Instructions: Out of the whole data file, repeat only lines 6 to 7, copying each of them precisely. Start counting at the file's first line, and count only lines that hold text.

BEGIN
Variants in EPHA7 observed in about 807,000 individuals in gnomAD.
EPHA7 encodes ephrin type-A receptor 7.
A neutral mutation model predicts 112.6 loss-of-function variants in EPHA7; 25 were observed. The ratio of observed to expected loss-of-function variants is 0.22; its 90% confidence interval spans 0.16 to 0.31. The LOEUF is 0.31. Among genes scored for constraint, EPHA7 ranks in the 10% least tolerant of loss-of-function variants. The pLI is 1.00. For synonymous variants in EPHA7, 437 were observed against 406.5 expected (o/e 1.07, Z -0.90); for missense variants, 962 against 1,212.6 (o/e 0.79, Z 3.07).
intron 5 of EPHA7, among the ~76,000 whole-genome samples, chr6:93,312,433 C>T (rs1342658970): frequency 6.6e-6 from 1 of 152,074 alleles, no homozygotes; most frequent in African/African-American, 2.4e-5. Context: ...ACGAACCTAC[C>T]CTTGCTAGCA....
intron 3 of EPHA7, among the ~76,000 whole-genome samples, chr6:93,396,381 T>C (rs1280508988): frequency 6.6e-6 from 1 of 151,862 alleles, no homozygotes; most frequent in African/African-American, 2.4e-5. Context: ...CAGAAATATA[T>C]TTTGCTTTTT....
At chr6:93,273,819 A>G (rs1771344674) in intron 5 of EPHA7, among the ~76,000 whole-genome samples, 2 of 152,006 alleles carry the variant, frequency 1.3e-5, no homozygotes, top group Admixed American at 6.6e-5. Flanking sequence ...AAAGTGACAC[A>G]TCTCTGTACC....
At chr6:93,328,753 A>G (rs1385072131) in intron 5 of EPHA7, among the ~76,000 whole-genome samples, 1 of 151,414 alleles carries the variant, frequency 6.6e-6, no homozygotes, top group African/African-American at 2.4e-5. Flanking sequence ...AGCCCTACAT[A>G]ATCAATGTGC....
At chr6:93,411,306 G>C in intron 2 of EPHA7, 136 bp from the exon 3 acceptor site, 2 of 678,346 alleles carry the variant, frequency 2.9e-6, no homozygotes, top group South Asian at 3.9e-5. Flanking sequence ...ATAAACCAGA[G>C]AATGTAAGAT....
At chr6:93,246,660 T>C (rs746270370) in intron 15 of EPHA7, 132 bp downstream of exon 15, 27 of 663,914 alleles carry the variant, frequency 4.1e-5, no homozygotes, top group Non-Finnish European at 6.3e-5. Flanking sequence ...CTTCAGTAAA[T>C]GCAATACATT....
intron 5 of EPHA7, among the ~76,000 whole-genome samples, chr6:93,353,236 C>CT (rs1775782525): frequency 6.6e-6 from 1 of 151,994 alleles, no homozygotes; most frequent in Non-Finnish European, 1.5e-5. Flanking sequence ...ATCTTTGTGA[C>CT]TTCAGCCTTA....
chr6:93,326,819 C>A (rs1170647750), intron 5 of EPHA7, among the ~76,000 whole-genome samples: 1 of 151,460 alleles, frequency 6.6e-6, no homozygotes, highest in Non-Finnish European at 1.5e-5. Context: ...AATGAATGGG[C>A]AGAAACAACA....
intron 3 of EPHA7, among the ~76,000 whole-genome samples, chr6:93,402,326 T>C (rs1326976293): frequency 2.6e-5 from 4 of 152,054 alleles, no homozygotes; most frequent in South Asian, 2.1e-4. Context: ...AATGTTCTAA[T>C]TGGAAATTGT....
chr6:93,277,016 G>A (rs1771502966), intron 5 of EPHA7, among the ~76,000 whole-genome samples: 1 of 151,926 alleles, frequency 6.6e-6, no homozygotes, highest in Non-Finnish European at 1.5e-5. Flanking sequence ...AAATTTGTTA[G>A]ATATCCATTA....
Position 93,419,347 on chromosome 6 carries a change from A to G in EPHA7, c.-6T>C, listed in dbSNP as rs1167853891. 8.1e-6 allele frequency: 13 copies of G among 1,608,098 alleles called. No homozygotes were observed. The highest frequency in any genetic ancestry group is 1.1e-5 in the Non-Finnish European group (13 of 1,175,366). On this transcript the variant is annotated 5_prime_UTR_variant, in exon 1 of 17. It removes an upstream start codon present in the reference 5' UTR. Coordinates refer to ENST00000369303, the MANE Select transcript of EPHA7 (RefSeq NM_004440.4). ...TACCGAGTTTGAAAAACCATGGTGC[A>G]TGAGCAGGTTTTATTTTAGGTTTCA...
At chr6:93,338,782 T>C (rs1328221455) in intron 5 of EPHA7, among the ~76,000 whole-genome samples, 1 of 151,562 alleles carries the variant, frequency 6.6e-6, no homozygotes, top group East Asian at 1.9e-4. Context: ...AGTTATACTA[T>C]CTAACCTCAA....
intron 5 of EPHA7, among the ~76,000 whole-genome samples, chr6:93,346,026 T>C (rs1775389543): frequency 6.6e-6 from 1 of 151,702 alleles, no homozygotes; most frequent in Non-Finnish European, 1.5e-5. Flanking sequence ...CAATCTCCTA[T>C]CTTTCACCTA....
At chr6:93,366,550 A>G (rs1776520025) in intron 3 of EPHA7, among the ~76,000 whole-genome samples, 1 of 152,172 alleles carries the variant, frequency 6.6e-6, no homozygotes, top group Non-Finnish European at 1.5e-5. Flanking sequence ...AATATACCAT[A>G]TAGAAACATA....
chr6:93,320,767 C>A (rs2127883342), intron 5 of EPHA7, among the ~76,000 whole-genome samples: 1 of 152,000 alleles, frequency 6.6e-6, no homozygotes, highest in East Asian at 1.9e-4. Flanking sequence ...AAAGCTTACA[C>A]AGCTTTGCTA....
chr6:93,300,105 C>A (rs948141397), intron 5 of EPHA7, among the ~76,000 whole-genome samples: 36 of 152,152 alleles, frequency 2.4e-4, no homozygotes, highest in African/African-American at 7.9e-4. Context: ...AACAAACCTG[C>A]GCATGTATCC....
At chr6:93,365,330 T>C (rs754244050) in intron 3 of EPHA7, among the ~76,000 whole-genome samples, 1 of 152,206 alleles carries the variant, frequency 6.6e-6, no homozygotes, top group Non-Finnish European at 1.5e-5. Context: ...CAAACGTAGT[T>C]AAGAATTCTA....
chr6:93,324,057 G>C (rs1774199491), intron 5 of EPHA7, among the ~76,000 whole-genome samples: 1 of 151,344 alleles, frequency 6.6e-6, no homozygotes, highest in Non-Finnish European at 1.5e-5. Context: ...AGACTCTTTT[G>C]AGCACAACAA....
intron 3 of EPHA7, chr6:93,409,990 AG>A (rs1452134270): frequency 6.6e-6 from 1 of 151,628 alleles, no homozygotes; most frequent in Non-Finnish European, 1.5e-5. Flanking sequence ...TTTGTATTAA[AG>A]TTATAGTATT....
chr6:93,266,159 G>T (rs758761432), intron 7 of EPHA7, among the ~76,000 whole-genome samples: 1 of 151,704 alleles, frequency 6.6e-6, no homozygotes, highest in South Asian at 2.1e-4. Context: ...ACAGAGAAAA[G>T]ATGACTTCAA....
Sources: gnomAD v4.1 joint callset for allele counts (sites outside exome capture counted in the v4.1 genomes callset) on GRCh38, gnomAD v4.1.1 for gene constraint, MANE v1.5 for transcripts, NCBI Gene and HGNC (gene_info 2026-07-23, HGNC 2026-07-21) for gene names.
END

At chr6:93,273,819 A>G (rs1771344674) in intron 5 of EPHA7, among the ~76,000 whole-genome samples, 2 of 152,006 alleles carry the variant, frequency 1.3e-5, no homozygotes, top group Admixed American at 6.6e-5. Flanking sequence ...AAAGTGACAC[A>G]TCTCTGTACC....
At chr6:93,328,753 A>G (rs1385072131) in intron 5 of EPHA7, among the ~76,000 whole-genome samples, 1 of 151,414 alleles carries the variant, frequency 6.6e-6, no homozygotes, top group African/African-American at 2.4e-5. Flanking sequence ...AGCCCTACAT[A>G]ATCAATGTGC....